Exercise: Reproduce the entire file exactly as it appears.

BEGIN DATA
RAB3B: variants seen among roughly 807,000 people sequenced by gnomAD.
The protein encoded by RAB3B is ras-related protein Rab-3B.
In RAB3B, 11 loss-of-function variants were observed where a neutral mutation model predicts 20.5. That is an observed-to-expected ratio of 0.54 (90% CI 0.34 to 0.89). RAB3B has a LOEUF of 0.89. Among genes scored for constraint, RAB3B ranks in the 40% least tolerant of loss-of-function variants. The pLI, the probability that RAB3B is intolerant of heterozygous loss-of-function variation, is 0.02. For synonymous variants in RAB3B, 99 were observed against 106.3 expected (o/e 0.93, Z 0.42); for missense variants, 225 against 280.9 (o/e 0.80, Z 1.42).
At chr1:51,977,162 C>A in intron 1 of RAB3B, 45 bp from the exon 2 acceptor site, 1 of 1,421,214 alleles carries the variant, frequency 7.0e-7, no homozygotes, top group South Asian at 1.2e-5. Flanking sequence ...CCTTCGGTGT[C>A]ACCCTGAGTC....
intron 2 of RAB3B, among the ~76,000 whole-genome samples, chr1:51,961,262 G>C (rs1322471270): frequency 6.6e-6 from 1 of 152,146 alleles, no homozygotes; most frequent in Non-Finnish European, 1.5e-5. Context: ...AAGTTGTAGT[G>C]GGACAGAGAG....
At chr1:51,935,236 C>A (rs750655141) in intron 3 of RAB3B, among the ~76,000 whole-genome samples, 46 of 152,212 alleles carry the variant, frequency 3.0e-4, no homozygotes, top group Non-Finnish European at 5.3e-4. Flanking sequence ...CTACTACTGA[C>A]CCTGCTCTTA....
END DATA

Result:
RAB3B: variants seen among roughly 807,000 people sequenced by gnomAD.
The protein encoded by RAB3B is ras-related protein Rab-3B.
In RAB3B, 11 loss-of-function variants were observed where a neutral mutation model predicts 20.5. That is an observed-to-expected ratio of 0.54 (90% CI 0.34 to 0.89). RAB3B has a LOEUF of 0.89. Among genes scored for constraint, RAB3B ranks in the 40% least tolerant of loss-of-function variants. The pLI, the probability that RAB3B is intolerant of heterozygous loss-of-function variation, is 0.02. For synonymous variants in RAB3B, 99 were observed against 106.3 expected (o/e 0.93, Z 0.42); for missense variants, 225 against 280.9 (o/e 0.80, Z 1.42).
At chr1:51,977,162 C>A in intron 1 of RAB3B, 45 bp from the exon 2 acceptor site, 1 of 1,421,214 alleles carries the variant, frequency 7.0e-7, no homozygotes, top group South Asian at 1.2e-5. Flanking sequence ...CCTTCGGTGT[C>A]ACCCTGAGTC....
intron 2 of RAB3B, among the ~76,000 whole-genome samples, chr1:51,961,262 G>C (rs1322471270): frequency 6.6e-6 from 1 of 152,146 alleles, no homozygotes; most frequent in Non-Finnish European, 1.5e-5. Context: ...AAGTTGTAGT[G>C]GGACAGAGAG....
At chr1:51,935,236 C>A (rs750655141) in intron 3 of RAB3B, among the ~76,000 whole-genome samples, 46 of 152,212 alleles carry the variant, frequency 3.0e-4, no homozygotes, top group Non-Finnish European at 5.3e-4. Flanking sequence ...CTACTACTGA[C>A]CCTGCTCTTA....